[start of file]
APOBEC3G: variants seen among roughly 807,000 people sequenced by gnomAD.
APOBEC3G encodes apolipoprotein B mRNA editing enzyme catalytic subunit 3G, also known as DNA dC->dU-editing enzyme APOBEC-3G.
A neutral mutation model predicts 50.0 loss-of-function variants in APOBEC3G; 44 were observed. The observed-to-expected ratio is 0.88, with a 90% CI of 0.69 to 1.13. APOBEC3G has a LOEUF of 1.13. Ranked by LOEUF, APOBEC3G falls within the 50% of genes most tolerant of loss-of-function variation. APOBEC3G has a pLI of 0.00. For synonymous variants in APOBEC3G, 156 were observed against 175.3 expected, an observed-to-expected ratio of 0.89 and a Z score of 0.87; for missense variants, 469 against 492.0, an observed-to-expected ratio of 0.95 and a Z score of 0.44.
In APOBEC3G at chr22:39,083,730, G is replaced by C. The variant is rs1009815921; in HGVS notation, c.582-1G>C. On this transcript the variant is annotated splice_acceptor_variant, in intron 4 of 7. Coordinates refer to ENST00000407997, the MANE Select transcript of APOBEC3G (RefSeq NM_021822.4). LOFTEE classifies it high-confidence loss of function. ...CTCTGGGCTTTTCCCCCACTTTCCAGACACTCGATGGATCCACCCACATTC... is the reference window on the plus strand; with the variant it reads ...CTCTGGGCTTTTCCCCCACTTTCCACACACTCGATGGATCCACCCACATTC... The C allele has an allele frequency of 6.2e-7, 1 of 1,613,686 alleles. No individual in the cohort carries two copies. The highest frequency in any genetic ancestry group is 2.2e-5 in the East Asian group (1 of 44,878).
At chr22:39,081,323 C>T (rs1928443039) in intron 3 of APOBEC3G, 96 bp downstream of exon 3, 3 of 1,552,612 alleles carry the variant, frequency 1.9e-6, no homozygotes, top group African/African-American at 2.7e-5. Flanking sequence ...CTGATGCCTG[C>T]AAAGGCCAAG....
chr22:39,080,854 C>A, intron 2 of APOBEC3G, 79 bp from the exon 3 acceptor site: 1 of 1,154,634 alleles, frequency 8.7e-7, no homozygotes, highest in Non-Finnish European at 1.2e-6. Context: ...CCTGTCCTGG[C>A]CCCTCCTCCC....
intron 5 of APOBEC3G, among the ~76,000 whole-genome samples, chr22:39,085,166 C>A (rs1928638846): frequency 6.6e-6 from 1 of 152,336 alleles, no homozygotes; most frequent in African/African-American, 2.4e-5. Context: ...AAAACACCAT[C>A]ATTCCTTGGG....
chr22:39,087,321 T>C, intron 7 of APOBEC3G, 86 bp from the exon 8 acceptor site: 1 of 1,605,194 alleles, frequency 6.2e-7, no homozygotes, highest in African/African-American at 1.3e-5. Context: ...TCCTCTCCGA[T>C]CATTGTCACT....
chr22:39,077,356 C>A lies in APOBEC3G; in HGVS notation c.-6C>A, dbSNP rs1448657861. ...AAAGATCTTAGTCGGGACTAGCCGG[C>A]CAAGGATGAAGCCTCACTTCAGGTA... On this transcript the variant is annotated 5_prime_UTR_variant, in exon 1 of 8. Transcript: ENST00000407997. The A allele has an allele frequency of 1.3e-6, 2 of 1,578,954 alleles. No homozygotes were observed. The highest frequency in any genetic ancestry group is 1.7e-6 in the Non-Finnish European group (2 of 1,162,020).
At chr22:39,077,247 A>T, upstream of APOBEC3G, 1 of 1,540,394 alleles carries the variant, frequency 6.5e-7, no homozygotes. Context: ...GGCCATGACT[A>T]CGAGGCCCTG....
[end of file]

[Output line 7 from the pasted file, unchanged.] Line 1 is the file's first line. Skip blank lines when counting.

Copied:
intron 5 of APOBEC3G, among the ~76,000 whole-genome samples, chr22:39,085,166 C>A (rs1928638846): frequency 6.6e-6 from 1 of 152,336 alleles, no homozygotes; most frequent in African/African-American, 2.4e-5. Context: ...AAAACACCAT[C>A]ATTCCTTGGG....